‘Pilgrim 14’ protesters have charges dismissed at 1, arrested again at 2
After 10 months of hearings 2012 trespassing case is dismissed by Judge Kathryn Hand at Plymouth District Court
PLYMOUTH — They wanted the Pilgrim Nuclear Power Plant shut down but, instead, they got arrested. They wanted their day in court but, instead, they got to make a statement and then charges were dismissed. They wanted to get arrested again and, no surprise, it happened.
The Pilgrim 14, who were first arrested for trespassing when they tried to deliver a letter addressed to the head of Entergy last May, celebrated the dismissal of the charges at Plymouth District Court Wednesday by immediately driving back to the plant and, when their chants and protests at the gates went apparently unnoticed, walked down almost to the doors of the plant itself where several members of the original 14 were arrested again.
At this time which of the original 14 was arrested again is not clear, though Cotuit resident Paul Rifkin, a member of the group Cape Downwinders, was definitely one of those detained by Plymouth Police.
The Plymouth Police responded with four or five units within ten minutes of the protesters security breach, followed a few minutes later by a prisoner transport van.
Rifkin made it clear before the court dismissed the earlier charges that he intended to be arrested that day, again.
Many of the 14 and their lawyers were angered by the Commonwealth’s last minute decision to deny them their day in court by issuing a motion to dismiss the previous charges, and in that motion citing the defendant’s “intention to use the Honorable Court as an instrument to further a specific political agenda.”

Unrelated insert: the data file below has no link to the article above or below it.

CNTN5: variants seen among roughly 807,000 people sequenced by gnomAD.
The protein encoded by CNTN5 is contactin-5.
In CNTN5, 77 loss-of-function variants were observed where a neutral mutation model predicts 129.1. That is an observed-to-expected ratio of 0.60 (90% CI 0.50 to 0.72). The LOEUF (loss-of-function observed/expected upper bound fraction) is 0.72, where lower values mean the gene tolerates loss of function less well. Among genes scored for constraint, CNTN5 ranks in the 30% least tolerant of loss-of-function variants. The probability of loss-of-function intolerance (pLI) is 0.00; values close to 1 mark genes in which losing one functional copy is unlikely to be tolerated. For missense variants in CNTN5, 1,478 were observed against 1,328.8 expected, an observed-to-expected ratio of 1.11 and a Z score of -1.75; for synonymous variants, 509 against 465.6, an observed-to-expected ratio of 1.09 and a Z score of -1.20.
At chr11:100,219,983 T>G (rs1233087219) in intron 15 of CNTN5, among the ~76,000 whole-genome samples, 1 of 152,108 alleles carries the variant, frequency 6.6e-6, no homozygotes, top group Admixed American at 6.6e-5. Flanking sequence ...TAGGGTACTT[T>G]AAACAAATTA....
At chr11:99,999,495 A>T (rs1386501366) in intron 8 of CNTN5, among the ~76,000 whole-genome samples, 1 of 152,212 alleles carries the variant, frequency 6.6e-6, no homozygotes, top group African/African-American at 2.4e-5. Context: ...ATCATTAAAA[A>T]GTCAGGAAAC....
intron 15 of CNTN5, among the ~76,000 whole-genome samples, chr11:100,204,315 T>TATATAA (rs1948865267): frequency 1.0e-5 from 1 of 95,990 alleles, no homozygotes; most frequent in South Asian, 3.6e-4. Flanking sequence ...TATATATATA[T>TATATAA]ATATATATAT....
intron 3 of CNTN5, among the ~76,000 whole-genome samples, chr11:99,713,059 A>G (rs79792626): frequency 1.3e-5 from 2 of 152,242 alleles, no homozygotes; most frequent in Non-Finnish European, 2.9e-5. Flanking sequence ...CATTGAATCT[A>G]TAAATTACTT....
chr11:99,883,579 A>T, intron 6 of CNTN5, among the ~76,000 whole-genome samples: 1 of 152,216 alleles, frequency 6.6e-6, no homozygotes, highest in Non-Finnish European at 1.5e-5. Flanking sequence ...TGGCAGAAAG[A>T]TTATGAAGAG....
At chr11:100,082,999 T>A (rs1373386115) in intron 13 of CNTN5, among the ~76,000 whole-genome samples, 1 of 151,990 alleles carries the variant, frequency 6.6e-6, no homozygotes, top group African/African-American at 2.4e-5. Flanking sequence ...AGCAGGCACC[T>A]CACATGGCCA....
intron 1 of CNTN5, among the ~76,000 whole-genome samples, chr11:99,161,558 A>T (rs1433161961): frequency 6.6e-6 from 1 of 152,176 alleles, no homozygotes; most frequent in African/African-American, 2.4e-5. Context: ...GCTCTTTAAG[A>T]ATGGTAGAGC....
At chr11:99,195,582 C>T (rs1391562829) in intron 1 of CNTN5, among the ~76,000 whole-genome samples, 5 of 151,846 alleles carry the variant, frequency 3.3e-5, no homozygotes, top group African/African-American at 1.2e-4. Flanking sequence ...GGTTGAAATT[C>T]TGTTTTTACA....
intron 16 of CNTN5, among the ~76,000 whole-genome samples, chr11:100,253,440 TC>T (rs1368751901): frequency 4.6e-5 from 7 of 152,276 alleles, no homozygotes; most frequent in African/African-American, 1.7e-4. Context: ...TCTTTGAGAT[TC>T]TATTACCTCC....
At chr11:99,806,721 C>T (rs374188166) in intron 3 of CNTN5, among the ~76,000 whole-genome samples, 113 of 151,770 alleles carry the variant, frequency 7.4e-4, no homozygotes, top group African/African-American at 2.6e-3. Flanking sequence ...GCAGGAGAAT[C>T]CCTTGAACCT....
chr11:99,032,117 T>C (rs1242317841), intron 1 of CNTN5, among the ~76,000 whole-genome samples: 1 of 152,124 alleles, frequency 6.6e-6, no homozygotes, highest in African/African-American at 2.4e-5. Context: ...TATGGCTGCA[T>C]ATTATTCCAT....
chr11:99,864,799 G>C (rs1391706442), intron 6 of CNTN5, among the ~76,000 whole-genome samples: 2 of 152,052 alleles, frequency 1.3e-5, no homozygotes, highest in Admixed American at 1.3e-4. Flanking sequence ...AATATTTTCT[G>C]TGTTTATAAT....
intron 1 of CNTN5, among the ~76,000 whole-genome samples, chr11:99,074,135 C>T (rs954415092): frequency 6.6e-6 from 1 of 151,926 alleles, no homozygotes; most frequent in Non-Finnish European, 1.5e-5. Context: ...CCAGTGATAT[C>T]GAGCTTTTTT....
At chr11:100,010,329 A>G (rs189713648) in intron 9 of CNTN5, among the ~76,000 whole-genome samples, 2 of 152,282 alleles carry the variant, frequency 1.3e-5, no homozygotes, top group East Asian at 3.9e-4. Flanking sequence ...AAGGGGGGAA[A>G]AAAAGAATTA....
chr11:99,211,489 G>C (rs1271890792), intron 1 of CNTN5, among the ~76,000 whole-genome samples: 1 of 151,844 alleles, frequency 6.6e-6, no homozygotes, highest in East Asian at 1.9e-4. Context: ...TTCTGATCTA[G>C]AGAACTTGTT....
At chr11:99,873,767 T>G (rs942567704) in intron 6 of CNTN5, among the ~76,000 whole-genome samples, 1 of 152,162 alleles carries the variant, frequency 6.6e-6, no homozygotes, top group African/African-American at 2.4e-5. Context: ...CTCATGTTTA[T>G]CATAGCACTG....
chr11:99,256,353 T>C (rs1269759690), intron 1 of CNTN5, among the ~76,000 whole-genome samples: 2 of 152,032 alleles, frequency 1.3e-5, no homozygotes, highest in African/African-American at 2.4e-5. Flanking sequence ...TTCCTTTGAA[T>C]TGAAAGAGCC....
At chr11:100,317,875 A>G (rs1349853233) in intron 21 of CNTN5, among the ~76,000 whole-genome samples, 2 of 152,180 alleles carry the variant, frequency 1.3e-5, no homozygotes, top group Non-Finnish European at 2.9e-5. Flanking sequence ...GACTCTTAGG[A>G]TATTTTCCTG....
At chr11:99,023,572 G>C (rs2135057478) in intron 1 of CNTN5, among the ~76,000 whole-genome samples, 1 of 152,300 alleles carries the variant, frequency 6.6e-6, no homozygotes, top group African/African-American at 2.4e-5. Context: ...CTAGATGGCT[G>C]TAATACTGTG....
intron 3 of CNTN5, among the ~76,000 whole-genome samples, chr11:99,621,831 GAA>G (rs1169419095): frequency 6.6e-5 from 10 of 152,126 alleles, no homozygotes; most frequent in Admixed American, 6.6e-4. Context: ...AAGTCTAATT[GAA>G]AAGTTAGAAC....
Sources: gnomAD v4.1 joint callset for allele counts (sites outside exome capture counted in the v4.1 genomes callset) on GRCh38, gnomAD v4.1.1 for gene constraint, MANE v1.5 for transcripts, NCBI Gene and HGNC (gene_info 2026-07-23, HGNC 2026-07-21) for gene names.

When the pre-trial hearing got underway however, Judge Kathryn E. Hand allowed any defendant who wished, to make a personal statement.
Many did, including a brief emotional statement by Rifkin.
“Abigail, Jack, Laney and Hayden,” Rifkin said, holding up a photograph of his grandchildren, “these are the reasons why we need to shut Pilgrim down.”
Judge Hand then dismissed the charges, with prejudice, and the defendants and their supporters filed out of the courtroom. But less than 30 minutes later they were parking on the access road that connects Route 3A with the plant’s main gate and, judging by the signs and banners that came out of the cars, their gathering was planned well in advance.
The group took up position on the plant side of Rocky Hill Road, adjacent to the main gate and, a few minutes later, moved past the entrance and toward the plant.
They were surprised that they were not immediately impeded by plant security, which was not seen until the group had moved several hundred yards down the entrance road.
At that point security appeared, and made it clear that anyone who did not leave would be arrested.
Rifkin also made his intentions clear at that time, walking up to a security vehicle and then turning and facing back, holding a protest sign.